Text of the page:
These folks are likely to see all kinds of bad news from the guy who modeled himself as their savior. Prices going up from his simple-minded protectionist trade policies as wages go down because of a new war on benefits, unions, and the minimum wage. “Competition” is great for the fat cats at the top and he knows this. The defunding of public schools will turn these kids to the streets. But hey, you might get a voucher! No worries, because the promise to renew the war on crime and drugs will give them three hots and a cot at the new private prison, all paid for, not by the rich, but you got it. You.


I’m not sure how the cavalcade of changes that is coming from the arrival of the most incompetent plutocrat to ever golden parachute into Washington will affect me. I am just beginning my return back to work now that Cozy can successfully distinguish Plah-Doh from actual food. It could be great as the sane segment of the population was looking for experts in diversity, criminality, and what to do when a new generation of young, angry white people start spray-painting swastikas around town. Or it could be the exact opposite as the walls go up and Americans, fearful of the coming crash, just put all their money in Canadian dollars and wheels of parmesan cheese. Diversify! That’s me with a sign down on SW Broadway. “Will lecture about Late Capitalism for contributions to my minimum credit are payment.”


Our first sociologist was a little French fellow named Emile Durkheim. The guy was supposed to become a rabbi but invented a scientific discipline instead. I’ll write more about him because his ideas are fused into my veins. He was, in many ways, inherently conservative, alerting the enlightened to the unintended consequences of the French Revolution. Revolutionary change itself is not bad, but when things happen too quickly and people start throwing the baby out with the bathwater, you’re gonna get some ugly version of anarchy. In 1789 France, it was the abolition of any institution associated with the monarchy. In 2017 America it may be the abolition of any program associated with that black guy. What was his name again? The result in France was the “reign of terror” and the invention of a political tool called the guillotine. What will be the equivalent in the reign of Trump?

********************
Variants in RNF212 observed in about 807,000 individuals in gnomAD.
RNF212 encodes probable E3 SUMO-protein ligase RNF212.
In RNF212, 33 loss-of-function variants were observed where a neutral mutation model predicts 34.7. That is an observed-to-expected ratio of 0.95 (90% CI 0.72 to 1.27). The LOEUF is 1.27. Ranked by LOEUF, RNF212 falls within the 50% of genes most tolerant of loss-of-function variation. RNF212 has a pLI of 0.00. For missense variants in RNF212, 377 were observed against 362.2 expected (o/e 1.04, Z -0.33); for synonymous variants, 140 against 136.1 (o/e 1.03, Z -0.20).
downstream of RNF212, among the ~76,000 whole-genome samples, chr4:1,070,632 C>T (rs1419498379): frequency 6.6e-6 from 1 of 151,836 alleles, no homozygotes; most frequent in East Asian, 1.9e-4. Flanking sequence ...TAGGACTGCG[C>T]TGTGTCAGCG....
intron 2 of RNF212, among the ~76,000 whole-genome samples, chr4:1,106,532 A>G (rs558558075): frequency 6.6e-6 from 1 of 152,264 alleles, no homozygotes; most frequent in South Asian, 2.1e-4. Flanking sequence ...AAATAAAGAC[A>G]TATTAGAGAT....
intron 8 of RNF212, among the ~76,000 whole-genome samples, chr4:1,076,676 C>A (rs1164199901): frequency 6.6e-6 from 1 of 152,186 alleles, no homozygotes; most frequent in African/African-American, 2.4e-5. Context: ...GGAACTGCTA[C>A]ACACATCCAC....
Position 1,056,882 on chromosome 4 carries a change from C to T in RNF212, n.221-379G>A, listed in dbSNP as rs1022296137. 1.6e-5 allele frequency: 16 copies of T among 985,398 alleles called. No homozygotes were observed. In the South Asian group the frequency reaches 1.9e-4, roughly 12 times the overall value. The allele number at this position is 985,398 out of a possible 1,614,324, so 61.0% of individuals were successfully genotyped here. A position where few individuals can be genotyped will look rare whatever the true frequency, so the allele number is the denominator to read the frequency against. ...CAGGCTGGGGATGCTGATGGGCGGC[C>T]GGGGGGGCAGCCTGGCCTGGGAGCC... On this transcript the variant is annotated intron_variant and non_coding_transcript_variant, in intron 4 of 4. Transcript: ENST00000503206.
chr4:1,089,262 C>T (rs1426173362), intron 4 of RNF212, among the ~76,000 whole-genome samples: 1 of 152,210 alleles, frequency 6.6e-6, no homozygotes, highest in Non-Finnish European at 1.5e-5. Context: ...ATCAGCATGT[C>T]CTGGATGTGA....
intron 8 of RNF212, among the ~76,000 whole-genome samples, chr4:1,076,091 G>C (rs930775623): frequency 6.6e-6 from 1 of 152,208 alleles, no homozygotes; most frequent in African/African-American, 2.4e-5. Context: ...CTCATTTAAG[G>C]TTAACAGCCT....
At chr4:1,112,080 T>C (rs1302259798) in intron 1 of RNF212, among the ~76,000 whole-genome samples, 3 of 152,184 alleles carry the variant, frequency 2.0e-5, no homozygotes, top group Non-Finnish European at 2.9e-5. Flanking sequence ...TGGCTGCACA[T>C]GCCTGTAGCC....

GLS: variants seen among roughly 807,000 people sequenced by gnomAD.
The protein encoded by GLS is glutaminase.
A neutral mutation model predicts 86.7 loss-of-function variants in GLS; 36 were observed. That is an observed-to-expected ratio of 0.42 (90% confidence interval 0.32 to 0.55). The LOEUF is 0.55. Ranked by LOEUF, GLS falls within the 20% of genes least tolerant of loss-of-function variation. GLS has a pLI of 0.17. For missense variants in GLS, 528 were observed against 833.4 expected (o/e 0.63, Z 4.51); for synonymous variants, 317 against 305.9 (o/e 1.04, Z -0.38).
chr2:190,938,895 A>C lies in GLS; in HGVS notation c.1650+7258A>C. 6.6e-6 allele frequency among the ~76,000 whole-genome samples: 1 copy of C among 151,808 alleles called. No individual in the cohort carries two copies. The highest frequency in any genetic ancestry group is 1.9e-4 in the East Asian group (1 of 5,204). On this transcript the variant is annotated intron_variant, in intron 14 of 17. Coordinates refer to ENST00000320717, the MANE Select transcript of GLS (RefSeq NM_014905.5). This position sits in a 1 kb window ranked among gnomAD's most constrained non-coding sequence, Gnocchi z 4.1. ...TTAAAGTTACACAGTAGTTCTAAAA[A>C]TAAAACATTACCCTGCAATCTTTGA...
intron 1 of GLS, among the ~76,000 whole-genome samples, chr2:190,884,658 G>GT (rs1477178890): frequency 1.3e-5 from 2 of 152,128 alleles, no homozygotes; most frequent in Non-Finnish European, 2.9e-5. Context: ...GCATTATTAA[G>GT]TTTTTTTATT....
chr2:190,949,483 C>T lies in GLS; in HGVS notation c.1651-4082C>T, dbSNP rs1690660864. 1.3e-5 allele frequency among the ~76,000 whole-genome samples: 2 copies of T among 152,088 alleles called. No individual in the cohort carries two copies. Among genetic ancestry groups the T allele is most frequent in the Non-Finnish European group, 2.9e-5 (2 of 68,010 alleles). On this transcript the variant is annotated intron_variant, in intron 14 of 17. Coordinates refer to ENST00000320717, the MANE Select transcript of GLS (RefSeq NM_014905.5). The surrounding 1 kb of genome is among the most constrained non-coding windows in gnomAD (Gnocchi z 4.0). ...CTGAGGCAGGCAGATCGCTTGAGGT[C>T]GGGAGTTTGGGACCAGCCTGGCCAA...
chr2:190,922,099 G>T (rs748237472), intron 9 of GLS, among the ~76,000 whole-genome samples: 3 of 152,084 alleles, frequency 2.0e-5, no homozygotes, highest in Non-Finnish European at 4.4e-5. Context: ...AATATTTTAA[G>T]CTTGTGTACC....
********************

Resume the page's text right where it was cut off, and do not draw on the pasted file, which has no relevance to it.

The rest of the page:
Durkheim had a term for this – anomie, the sense of normlessness. When things change too quickly and institutions loose their ability to keep things relatively stable, people freak out. For Durkheim, it was high suicide rates associated with industrialization and the sweeping away of the old regime. Usually, we are happy when the old order goes bye bye. Slavery was a long tradition. So was legal sexual harassment and the unpunished murders of transgender people. As sociologists, we are often discussing anomie associated with change that moves society forward. How have men handled (or not handled) that radical idea that women are human beings invested in right to equal opportunity? Some dudes freaked out.